Excerpt from The Atomic Weight of Love by Elizabeth Church, plus links to reviews, author biography & more

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The Atomic Weight of Love

by Elizabeth Church

The Atomic Weight of Love by Elizabeth Church X
The Atomic Weight of Love by Elizabeth Church
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  • First Published:
    May 2016, 320 pages
    Paperback:
    Mar 2017, 368 pages

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Rebecca Foster
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Nothing but nervous silence greeted him. I wondered how long he'd been teaching in this particular room.

"Doesn't matter," he said, running a hand through his unruly hair. And then, without missing a beat, he returned to his lecture.

I liked that he was unembarrassed. It bespoke a level of confidence and maturity that I longed to stand beside.

It was known that Alden Whetstone had a reduced teaching load that year because he was working with other scientists on some hush-hush war project. How different Alden was from college boys. How I envied his ability to ignore social convention — or to be so entirely unaware of it so as to have no need to ignore it. Although he was twenty years my senior, he was still young, fired by the practical applications of his hard-earned knowledge and the associations he was forming through his war work with other world-class scientists.

I approached him after that first lecture and accepted an invitation back to his office. After nearly an hour, we left his office to continue talking over cof-fee. We spoke about what we believed in, what was happening in the world, and what the world might become. It was as though we'd both been starving for that kind of easy conversation and comradeship. When I was with Alden — discussing, listening, leaning across tables, fully animated — life was painted in more vibrant colors; birdsong was more elaborate, rococo.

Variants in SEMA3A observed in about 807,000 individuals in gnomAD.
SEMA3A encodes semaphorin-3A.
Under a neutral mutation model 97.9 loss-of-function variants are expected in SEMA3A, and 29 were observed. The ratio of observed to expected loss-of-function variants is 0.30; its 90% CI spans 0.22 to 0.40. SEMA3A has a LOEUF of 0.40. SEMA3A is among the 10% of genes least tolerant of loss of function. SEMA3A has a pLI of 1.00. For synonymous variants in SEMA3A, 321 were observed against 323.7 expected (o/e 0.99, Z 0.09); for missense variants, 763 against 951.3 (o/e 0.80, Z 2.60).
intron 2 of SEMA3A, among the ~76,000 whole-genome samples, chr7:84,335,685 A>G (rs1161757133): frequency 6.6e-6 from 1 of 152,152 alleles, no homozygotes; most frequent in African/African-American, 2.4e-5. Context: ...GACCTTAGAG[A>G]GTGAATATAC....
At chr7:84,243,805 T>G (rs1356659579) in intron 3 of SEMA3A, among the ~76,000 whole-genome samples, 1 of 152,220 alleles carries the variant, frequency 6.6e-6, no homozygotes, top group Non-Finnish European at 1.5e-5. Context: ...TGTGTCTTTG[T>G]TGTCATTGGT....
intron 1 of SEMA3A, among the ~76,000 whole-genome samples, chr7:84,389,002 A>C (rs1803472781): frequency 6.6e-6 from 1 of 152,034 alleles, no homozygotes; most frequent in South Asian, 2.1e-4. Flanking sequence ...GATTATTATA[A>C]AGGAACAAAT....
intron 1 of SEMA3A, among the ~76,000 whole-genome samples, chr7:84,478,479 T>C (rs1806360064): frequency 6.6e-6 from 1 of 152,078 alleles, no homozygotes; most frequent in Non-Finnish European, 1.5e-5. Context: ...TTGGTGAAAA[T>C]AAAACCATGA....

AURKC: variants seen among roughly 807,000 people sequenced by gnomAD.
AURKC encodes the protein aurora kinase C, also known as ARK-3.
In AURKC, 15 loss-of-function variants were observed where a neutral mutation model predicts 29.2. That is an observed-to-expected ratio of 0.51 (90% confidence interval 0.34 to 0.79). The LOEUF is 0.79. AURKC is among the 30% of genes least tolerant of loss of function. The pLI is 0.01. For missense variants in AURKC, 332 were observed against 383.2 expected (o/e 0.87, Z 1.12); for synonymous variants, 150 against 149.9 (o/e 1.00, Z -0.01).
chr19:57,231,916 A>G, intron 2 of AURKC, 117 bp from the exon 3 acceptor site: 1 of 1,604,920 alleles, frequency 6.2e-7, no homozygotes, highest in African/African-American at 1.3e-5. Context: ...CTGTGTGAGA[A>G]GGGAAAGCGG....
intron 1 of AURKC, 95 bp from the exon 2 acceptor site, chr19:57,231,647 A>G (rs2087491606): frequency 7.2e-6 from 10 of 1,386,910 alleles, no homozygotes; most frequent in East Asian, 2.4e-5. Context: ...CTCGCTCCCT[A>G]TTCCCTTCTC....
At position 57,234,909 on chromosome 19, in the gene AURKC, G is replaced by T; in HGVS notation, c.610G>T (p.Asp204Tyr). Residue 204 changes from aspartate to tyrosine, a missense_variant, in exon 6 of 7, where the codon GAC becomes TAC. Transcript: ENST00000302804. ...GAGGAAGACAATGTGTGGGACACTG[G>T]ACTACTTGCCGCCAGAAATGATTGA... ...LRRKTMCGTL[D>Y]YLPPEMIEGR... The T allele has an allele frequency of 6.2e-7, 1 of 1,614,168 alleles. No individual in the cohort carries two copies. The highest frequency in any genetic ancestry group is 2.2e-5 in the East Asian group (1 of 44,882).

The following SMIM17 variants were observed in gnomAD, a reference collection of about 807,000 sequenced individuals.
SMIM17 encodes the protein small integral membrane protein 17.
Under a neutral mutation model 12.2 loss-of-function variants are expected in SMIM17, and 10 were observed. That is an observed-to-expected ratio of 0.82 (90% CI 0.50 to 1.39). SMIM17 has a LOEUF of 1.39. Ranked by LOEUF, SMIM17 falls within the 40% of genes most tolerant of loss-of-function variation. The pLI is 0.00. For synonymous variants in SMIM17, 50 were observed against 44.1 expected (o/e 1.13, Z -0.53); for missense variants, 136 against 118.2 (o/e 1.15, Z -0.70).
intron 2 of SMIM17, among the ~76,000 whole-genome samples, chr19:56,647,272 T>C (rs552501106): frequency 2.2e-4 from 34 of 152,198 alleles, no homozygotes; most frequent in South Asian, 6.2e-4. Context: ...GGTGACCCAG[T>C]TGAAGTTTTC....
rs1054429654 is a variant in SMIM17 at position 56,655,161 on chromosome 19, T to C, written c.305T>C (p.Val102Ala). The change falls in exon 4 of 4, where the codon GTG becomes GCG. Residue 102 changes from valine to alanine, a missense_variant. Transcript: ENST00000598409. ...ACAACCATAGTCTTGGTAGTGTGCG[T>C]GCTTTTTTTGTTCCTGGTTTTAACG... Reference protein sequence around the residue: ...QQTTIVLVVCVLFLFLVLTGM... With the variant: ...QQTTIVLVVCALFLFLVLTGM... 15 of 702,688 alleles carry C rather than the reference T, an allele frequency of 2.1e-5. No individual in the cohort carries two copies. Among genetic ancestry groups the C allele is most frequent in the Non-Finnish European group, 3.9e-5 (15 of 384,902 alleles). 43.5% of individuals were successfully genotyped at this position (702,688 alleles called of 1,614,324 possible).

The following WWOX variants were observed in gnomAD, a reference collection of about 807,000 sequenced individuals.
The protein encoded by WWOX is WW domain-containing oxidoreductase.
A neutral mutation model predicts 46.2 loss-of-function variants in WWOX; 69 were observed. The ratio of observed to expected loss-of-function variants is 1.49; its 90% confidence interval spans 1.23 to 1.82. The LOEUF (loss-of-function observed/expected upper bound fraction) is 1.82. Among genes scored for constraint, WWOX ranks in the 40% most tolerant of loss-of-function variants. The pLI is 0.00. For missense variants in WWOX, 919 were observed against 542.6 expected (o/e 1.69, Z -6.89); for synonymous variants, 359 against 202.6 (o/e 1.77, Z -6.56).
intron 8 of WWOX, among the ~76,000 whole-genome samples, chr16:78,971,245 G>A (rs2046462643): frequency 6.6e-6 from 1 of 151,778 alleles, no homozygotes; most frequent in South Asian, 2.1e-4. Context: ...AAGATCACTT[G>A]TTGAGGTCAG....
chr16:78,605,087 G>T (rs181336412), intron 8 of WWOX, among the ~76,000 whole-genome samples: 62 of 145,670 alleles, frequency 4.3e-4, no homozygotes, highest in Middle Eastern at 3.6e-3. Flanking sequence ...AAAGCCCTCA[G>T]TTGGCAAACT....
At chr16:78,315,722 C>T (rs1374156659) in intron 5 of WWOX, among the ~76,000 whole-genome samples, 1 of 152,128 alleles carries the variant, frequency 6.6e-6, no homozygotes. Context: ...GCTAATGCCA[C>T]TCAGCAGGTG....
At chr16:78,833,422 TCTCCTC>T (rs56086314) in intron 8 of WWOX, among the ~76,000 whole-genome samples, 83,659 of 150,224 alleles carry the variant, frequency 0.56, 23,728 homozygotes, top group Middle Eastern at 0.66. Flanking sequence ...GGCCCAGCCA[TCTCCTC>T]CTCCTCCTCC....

If I'd played Mrs. Hudson's recommended fawning dumb-girl's role, Alden wouldn't have paid me a moment's notice. I never once thought about feigning stupidity in Alden's presence. Rather, I felt called upon to stretch my mind, to show him I could run alongside him.

Still, I kept dating Jerry. Alden was so high above me. He was such pure intensity and demanding, hard work — work I was not afraid of, but work nevertheless. Jerry was someone with whom I could let off steam, laugh, and maybe even be silly.


In the spring of 1942,newsreels that played prior to the start of films at theaters showed us the bravery of our fighting men and touted U.S. victories. It won't be long now, we all thought as we sat in the dark, watching and hopeful, and Jerry squeezed my hand. Mother sent me clippings from the Greensburg paper and filled in details gleaned from her friends at church: Doc, Eddie, Mickey, Dean, Lester, Gabby, Rusty, and Tom — all of them dead or wounded. Mother told me Lisa Jackson, a friend from Girl Scouts, had married Buck Pemberton, who had joined the navy and was about to ship out. I signed your name to the card, Mother said, and I embroidered a nice pair of pillowcases for them.

Corregidor fell to the Japanese on May 6, 1942, just as we were finishing final exams. Jerry was horrified by the number of ships sunk by the Japanese, but even more so by the number of ships our navy scuttled or destroyed over the course of just two days, all to keep them out of the hands of the enemy. Corregidor floated just south of Bataan, and we knew that the United States had surrendered Bataan about a month earlier.

I could understand numbers — so many dead or captured. I could look at maps, gauge distances, try to contemplate vast oceans or ships' holds packed with sleepless, sweaty, frightened boys on their way to face death. I could talk with Jerry and other students about the war — the fiery, insane world at war — but I could not know. I could never know what it felt like to face mortality.


Alden and I didn't really date. I think we fooled ourselves into thinking we were just spending time together. I didn't tell him about Jerry, and while Alden once referred to an ex-wife, I didn't know if he had a current romantic interest in his life. Nothing so mundane entered our orbit.

I was in awe of Alden. I could only sense the very fringes of concepts that his intellect grasped with such easy, ready fingers. I worshiped his knowledge, his aloof independence and greater world experience. He was my teacher; he led me, and I followed, gladly.

Excerpted from The Atomic Weight of Love by James Church. Copyright © 2016 by James Church. Excerpted by permission of Algonquin Books. All rights reserved. No part of this excerpt may be reproduced or reprinted without permission in writing from the publisher.

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